Seattle won't find itself in the path of totality for more than a century.

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Clear skies offered the Northwest a perfect view.

The spectacular total solar eclipse lasted just a few minutes. As the landscape brightened again, people spilled onto highways or decamped for their desk chairs. Some tingled with awe. Others were just happy to realize their retinas were intact.

Here’s what you need to know after eclipse 2017, and what to do next time:


Traffic ran more smoothly than expected.

No, it wasn’t easy leaving Oregon right after the historic event.

“From the moment the eclipse ended until about 8 o’clock, I-5 from Salem to Portland was full of traffic,” said Dave Thompson, an Oregon Department of Transportation spokesman. 

But officials expected worse. No road deaths were reported among eclipse travelers, Thompson said. And a million people didn’t descend on the state at once, he said.

“We don’t know how many people we got. They listened to ‘Arrive early,’ more or less,” he said. “I’m an astronomy geek. I was just waiting for this thing and loving it. But working it — I’m so glad it’s over and people are safe.”

In southwestern Washington, WSDOT’s Bart Treece said weekend traffic flowed more heavily than usual over the weekend as people traveled toward the path of totality. But traffic Monday morning was “oddly quiet,” Treece said.

After the eclipse, traffic heading north on Interstates 5, 205, 97 and 82 was heavy, but there weren’t any wrecks or issues causing serious delays.

There were “very few or any notable incidents to speak of,” Treece said. “A lot of this speaks to informed travelers who knew what they were getting into.” 

Traffic was actually better than normal in Seattle.

On Monday evening, “There was hardly any traffic during the evening commute. All travel times were below average despite a few collisions,” said Nicole Daniels, of the Washington State Department of Transportation.


If you purchased eclipse glasses vouched for by NASA (ISO 12312-2), save your glasses for your next solar viewing experience. NASA says warnings about disposing of the glasses after three years are outdated. Store them carefully (and in a place you’ll remember, possibly for decades) so they’re not damaged.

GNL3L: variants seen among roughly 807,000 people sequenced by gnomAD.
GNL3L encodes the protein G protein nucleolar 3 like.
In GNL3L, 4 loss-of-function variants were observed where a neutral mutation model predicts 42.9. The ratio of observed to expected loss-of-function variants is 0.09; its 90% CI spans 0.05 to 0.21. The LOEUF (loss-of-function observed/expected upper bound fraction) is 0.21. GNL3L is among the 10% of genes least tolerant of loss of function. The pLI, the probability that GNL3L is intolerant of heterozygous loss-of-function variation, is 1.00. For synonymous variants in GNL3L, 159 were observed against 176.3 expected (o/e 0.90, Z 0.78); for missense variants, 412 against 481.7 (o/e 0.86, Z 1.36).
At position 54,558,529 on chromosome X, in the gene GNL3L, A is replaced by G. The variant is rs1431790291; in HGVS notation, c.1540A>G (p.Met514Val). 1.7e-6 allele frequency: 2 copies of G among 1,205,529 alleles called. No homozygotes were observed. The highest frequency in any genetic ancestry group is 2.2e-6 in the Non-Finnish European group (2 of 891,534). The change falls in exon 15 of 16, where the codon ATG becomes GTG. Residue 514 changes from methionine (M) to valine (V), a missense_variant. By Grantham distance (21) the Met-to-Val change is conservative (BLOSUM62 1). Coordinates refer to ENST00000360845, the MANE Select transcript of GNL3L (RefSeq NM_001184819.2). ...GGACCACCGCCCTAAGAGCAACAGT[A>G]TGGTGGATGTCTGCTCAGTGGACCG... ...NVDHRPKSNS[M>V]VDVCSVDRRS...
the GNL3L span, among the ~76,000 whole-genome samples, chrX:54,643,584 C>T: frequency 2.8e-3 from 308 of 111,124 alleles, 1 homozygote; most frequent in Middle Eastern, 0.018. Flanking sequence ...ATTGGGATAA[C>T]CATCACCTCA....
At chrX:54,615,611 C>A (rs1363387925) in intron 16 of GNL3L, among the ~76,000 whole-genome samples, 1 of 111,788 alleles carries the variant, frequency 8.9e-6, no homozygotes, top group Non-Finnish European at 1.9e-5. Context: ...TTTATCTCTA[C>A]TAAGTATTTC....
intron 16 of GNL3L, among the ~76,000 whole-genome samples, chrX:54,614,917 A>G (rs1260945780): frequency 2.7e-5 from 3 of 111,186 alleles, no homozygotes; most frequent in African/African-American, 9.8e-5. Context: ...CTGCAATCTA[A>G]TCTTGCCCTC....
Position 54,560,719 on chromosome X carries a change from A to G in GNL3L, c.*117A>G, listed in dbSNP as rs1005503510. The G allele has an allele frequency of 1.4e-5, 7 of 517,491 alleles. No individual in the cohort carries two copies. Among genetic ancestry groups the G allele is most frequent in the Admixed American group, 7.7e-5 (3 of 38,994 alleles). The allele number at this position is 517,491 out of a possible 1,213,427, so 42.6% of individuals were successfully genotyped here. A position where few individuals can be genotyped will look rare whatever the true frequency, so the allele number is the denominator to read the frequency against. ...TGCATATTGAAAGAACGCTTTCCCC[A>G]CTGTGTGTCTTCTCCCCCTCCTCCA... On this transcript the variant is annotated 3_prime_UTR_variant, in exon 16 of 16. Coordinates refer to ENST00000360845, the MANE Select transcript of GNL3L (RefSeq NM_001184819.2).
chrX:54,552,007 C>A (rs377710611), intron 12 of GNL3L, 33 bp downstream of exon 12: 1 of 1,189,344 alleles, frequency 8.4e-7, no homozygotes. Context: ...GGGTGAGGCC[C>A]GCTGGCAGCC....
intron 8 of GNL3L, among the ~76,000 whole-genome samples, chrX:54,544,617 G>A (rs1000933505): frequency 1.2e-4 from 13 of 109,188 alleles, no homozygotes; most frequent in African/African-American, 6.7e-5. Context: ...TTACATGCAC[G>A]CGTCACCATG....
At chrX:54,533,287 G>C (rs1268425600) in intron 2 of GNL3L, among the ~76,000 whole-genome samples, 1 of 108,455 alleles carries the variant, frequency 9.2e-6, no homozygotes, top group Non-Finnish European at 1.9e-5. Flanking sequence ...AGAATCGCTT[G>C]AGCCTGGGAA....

You can also donate your glasses to Astronomers Without Borders, which has announced a plan to send glasses to schools in South America and Asia before an eclipse crosses those continents in 2019.

The cardboard frames of eclipse glasses can be recycled, of course. The solar-filter lenses cannot, according to Earth911.

Relive the moment

Seattle Times photographers spread throughout the Northwest to bring you the best images and stories of the eclipse. The view of the eclipse from a Boeing 737 is worth a look.

The New York Times built a scrapbook of photos from along the path of totality. The newspaper also built a calendar of happenings in space worth a subscription for astro geeks.

PetaPixel collected NASA’s best eclipse images, including the moment the international space station photobombed the shot.

Photos from the Los Angeles Times, The Oregonian and National Geographic stand out, too.

Plan your next viewing

Bad news: Washington state won’t see a total solar eclipse this century. The next time Seattle will be in the path of totality is 2169, according to NASA maps.

If you’re dying to see another total solar eclipse in the U.S., you’ll have to wait about seven years. On April 8, 2024, a total solar eclipse will slice through Texas, travel through the Rust Belt and then make its way into the upper reaches of the northeast continental United States.  In 2045, a coast-to-coast total solar eclipse will sweep across the United States from the beaches of California to the shores of Florida.

You could always plan a trip to Chile or Argentina in 2019 to experience totality.

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